Becoming a Flying Squirrel Landlord

Two southern flying squirrels and their nest box in the Lower Peninsula of Michigan

The flying squirrel may own the title of Colorado’s rarest mammal because just one single specimen has ever been recorded in the state. Although they are only found in a small sliver of the state, this probably has more to do with how difficult it is to find them, and not as much to do with the size of the population. The northern flying squirrel (Glaucomys sabrinus) is common in northern latitudes of the US and Canada, but its range barely extends down into northwest Colorado. Just reaching a suitable site to search for them is a long drive on rough jeep roads into some of Colorado’s most remote country. And then there is the fact that they are nocturnal. And they fly (well, glide, actually). Basically, a photographer’s worst case scenario.

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Nest box shop class

Back in the summer of 2014, Lana and I took a road trip back to Michigan to visit family. My mom’s house has a nice stand of hardwood forest out the back door, and ever though she’d never seen them there before, it just seemed like a nice place for flying squirrels. Both the northern flying squirrel and the similar, but smaller southern flying squirrel (G. volans) inhabit Michigan. At Mom’s house in the southern Lower Peninsula, only the southern flying squirrel might be found.

 

Before we left Colorado, I whipped up a couple of flying squirrel nest boxes using some plans that you can download here and put them in the truck. When we arrived in Michigan, I mounted the boxes as high as I could reach using the tallest ladder in the garage and we all crossed our fingers.

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Nest box installed at my mom’s in Michigan

It was more than a year before we made another trip back to Michigan – this time for Thanksgiving. It was a cold, drizzly weekend, but we had to make it out to check the nest boxes. I noticed some gnawing around the opening – not enough to allow a fox squirrel or gray squirrel to fit through. Lana gave the tree trunk a rap and two little squirrel noses poked out.

 

We knew immediately by their giant round eyes that they were flying squirrels. We’d seen a captive southern flying squirrel once before when Rob Mies brought one to a presentation at the Denver Museum of Nature and Science. But to see them living in the wild was a lifer for both of us! It’s not uncommon to see flying squirrels in pairs at this time of year. During the colder months, they “buddy up” to stay warm. One of the squirrels crawled completely out of the nest box onto the tree trunk, giving us a good look at its broad tail and patagium (the “wing” membrane connecting the legs and body that allows it to glide). After snapping a few photos, we left them alone so they wouldn’t feel the need to “evict”. Hopefully they’ll stick around and I’ll have a chance to photograph them in flight on a future visit.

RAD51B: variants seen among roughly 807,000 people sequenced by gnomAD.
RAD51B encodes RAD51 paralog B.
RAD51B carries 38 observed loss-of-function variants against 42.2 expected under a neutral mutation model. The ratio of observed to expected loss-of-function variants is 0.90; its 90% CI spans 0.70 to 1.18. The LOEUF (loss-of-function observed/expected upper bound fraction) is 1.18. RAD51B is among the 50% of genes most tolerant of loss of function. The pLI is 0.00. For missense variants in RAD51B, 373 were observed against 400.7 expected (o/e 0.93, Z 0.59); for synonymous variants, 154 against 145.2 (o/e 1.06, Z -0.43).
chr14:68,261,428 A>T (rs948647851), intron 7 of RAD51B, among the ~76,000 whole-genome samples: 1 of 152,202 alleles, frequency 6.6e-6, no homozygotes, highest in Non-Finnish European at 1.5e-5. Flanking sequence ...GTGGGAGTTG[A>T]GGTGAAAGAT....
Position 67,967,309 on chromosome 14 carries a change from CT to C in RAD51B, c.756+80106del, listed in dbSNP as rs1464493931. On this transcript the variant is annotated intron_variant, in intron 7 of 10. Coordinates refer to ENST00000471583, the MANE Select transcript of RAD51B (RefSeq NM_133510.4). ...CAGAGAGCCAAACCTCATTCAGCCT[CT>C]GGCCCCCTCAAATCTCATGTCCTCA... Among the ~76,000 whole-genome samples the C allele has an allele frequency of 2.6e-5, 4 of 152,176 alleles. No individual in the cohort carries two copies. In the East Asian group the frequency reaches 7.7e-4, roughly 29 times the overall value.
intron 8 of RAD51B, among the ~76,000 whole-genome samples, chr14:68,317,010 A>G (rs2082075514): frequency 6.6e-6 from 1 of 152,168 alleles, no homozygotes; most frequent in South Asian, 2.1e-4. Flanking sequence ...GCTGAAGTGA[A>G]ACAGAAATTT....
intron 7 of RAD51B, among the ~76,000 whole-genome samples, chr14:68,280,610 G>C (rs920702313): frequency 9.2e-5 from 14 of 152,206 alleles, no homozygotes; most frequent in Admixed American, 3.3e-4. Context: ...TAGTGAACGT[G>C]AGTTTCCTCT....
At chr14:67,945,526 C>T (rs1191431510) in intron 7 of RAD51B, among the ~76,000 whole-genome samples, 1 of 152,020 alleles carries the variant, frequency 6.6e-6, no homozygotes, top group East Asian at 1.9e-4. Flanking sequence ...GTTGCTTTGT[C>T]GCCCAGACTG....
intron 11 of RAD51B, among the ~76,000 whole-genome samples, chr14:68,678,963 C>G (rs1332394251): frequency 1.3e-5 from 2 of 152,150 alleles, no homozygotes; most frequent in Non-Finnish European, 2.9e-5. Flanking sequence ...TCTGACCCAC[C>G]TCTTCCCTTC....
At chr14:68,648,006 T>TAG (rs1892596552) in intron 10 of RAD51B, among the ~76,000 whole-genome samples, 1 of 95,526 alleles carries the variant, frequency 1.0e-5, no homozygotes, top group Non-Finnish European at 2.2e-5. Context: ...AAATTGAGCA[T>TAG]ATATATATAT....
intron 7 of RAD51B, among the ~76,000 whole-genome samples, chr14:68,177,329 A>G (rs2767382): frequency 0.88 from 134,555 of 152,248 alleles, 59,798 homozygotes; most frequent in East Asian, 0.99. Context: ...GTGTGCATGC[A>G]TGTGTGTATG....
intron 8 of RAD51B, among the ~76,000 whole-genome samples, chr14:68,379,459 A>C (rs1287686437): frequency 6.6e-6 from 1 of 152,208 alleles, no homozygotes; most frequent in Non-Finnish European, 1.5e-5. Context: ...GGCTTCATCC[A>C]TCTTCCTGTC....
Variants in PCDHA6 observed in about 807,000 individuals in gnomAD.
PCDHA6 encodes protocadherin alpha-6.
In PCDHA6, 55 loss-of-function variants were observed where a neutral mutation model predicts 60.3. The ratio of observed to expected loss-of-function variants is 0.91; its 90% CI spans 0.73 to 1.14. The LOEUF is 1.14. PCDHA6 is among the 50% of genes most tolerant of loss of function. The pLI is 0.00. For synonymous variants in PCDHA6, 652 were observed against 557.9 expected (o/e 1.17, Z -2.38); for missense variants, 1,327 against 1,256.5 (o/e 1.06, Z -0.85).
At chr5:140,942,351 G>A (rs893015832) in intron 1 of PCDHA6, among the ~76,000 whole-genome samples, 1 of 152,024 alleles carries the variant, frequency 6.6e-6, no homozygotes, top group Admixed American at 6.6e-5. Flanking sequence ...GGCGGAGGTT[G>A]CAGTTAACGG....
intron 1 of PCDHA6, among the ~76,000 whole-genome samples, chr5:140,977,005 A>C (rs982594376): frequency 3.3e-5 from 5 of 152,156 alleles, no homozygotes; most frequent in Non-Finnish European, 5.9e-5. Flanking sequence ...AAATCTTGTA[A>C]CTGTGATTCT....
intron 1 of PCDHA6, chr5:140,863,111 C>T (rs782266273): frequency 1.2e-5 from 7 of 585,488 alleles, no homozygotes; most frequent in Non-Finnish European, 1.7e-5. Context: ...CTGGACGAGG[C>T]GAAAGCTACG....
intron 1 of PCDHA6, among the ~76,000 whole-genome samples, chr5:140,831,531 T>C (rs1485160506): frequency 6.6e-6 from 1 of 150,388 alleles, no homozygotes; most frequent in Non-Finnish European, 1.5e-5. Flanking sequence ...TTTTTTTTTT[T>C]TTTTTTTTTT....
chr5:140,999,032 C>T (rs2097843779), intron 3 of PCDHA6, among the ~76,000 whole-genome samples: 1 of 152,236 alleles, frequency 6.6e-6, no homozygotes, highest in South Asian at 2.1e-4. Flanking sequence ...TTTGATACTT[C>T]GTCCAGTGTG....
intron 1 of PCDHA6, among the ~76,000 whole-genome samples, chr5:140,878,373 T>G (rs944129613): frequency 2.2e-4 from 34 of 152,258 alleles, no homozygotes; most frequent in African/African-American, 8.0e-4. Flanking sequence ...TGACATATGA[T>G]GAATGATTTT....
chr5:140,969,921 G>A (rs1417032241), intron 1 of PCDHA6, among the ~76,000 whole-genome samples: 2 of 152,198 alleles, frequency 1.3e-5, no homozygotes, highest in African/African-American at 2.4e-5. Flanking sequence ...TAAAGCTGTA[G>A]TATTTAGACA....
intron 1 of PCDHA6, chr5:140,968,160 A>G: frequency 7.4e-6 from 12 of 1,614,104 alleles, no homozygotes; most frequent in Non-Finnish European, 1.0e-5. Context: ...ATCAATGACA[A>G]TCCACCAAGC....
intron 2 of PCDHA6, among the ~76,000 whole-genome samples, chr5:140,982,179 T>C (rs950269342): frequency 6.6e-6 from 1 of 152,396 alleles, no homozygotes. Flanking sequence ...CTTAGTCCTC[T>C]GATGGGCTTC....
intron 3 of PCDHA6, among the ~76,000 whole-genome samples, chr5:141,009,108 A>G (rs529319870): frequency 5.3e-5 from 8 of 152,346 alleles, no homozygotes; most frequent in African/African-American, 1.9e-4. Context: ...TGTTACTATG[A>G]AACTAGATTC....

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This southern flying squirrel briefly climbed out of the nest box at my mom’s house in Michigan, giving us a great view.

 

Back in Colorado last summer, I was able to capture some infrared video footage of northern flying squirrels in the wild. It was a taxing job, with many trips to the western slope, and at least one seriously epic 4WD adventure. I’m nowhere near satisfied with any photos that I have capture so far, but just to locate a site to photograph these squirrels and confirm their presence is half the battle.  The videos will help me to understand their habits and better position my cameras when the snow melts next spring.

7 Comments on “Becoming a Flying Squirrel Landlord

  1. Another great post! Really straightforward and comprehensive nestbox instructions, with wonderful graphic of a flying squirrel a la native artists of the Pacific Northwest.

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